.    Keep bottles of water in the car and a picnic kit in the boot or in your luggage, with a plate and a knife, and a jar of Vegemite or peanut butter. Lunch can be as simple as purchasing a loaf of fresh bread at the local bakery and making fresh sandwiches at the local playground, saving money for entrances to zoos and theme parks and for accommodation. A bottle of water and a roll of good quality paper-towel makes great wipes for sticky fingers and faces.

.    A trip to the local supermarket for a roasted chicken, a bag of salad and some bread rolls makes a quick, nutritious and relatively inexpensive meal for a family. It’s easy to pack to take to theme parks or to eat when you arrive at your destination. And it really helps the cook to enjoy the holiday!

Pack a bag of apples, bananas or oranges for healthy ‘fast’ food. Freeze long-life milk or drinks to keep your esky (cool-box) cool, and to keep the little ones hydrated, cool and busy for a while.scan_20161210-ggaf-15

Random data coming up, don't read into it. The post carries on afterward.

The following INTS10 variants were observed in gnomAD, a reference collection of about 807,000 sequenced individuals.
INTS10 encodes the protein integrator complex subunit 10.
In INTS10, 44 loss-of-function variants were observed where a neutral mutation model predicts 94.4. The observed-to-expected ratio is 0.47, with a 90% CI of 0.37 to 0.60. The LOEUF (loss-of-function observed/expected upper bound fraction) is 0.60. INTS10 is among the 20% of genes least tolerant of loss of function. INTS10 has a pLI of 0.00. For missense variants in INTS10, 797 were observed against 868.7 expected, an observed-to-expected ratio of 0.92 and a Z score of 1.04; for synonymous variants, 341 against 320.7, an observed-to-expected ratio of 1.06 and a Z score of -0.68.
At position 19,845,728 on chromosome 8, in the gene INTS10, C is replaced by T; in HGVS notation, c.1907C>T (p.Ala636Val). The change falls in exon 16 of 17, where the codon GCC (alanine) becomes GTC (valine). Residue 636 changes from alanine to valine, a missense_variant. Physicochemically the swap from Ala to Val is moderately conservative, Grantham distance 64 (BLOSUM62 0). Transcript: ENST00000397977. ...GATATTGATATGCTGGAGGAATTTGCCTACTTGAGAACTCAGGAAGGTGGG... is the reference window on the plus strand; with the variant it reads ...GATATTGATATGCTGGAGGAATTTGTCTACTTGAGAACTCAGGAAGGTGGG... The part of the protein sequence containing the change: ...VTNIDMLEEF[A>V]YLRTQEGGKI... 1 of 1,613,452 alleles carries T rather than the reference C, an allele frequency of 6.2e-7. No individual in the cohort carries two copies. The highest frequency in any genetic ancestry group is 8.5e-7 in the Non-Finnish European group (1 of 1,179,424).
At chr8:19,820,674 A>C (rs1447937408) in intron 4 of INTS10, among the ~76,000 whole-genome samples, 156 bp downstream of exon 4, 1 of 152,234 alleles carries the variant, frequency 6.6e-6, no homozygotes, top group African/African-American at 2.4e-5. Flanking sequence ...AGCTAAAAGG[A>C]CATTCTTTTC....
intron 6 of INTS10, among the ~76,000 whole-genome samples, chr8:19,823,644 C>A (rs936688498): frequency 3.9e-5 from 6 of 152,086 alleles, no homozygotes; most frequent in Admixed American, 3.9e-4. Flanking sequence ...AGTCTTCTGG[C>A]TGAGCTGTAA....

.    Children don’t tend to appreciate the value of your money. While Disneyland might have been your life-long dream, that does not oblige your child to appreciate its monetary value. The simple things in life are often the best.

.    Give your children their own spending money, or even better, help them to save for the occasion. Then allow them the freedom to spend ‘their’ money and learn its value. It’s also an effective technique for stopping the
‘I want…s’.

We found this worked when we stopped for an ice-block too. We told the kids they could choose an ice-block up to x-amount. (As the kids have grown older and gone on their own adventures, our ice-blocks have been replaced by coffee.)

.    Teach your children protective behaviour.

Teach them to speak politely and respectfully to new people, but be aware of their safety and security: Not to tell anyone their name, or where they live. And to not go with anyone other than their family.

DO NOT put their name on their hat, t-shirt, bag etc. in a place where it is visible.